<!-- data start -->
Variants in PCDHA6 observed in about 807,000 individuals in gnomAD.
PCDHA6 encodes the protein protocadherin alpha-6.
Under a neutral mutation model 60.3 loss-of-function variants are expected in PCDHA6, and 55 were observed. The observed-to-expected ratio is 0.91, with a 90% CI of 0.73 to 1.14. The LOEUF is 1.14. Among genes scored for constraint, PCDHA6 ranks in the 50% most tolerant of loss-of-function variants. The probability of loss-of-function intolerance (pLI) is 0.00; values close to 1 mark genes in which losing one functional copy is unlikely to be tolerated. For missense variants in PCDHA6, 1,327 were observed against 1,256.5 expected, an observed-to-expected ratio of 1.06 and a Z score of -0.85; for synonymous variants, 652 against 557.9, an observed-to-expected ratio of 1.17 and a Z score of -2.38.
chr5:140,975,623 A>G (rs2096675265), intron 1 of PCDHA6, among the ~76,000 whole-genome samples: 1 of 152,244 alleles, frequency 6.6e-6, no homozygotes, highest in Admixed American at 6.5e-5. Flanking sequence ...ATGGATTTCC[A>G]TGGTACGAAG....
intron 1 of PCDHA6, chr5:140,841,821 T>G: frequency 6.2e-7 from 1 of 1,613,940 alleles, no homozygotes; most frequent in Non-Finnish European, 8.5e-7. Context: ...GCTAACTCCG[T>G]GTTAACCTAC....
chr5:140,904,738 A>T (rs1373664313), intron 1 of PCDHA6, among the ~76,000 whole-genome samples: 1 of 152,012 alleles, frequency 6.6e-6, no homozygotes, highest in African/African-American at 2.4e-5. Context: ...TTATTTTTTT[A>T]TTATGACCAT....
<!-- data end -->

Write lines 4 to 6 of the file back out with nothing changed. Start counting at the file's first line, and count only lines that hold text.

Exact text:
chr5:140,975,623 A>G (rs2096675265), intron 1 of PCDHA6, among the ~76,000 whole-genome samples: 1 of 152,244 alleles, frequency 6.6e-6, no homozygotes, highest in Admixed American at 6.5e-5. Flanking sequence ...ATGGATTTCC[A>G]TGGTACGAAG....
intron 1 of PCDHA6, chr5:140,841,821 T>G: frequency 6.2e-7 from 1 of 1,613,940 alleles, no homozygotes; most frequent in Non-Finnish European, 8.5e-7. Context: ...GCTAACTCCG[T>G]GTTAACCTAC....
chr5:140,904,738 A>T (rs1373664313), intron 1 of PCDHA6, among the ~76,000 whole-genome samples: 1 of 152,012 alleles, frequency 6.6e-6, no homozygotes, highest in African/African-American at 2.4e-5. Context: ...TTATTTTTTT[A>T]TTATGACCAT....